I know some parents go without a car seat like many have done in a taxi over the years, but there are obvious safety concerns. Plus, many drivers will refuse to take you because of their own liability worries (and state laws vary on whether car seats are legally required).
3. Bigger Cars Are Available for Bigger Families
You have probably seen those adorable Priuses with Uber and Lyft stickers on them puttering around your town. As a parent like me, you have likely worried whether you can even fit an entire family in one. Never fear. Most ridesharing cars are bigger than you would think.
My family of four regularly fits into a standard Uber or Lyft, even with one child in a car seat and another in a booster. If we need more space, that’s almost always available too. Both services offer cars that seat up to six – Lyft calls it “Plus” and Uber calls it “UberXL.” Just select appropriately in the app when you request a car. Often even bigger vehicles can be found in most major markets.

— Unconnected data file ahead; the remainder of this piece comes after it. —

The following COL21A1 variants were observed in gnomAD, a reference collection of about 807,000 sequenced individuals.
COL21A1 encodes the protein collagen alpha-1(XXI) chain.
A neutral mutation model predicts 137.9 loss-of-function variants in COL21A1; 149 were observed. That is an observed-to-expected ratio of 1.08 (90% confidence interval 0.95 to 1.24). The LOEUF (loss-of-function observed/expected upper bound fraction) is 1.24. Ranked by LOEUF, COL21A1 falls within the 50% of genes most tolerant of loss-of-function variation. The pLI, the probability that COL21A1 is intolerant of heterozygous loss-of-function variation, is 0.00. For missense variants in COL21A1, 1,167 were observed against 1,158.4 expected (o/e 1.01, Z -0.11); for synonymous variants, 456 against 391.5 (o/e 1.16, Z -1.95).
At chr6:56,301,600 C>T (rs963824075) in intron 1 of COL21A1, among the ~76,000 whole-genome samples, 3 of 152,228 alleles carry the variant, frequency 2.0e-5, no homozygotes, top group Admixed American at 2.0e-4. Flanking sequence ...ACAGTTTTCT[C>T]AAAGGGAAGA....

4. Watch Out for Surge Pricing
While a big draw of using Uber and Lyft is cheaper pricing, it’s possible that your family could pay more than a taxi if you aren’t careful. Both companies have surge pricing where rates for rides increase according to the on-the-ground demand. The thought is that by raising fares, more drivers will get out on the roads to be paid more, thus satisfying the demand. The risk for passengers, of course, is that they have to pay a lot more if they really need a ride when a surge is in effect.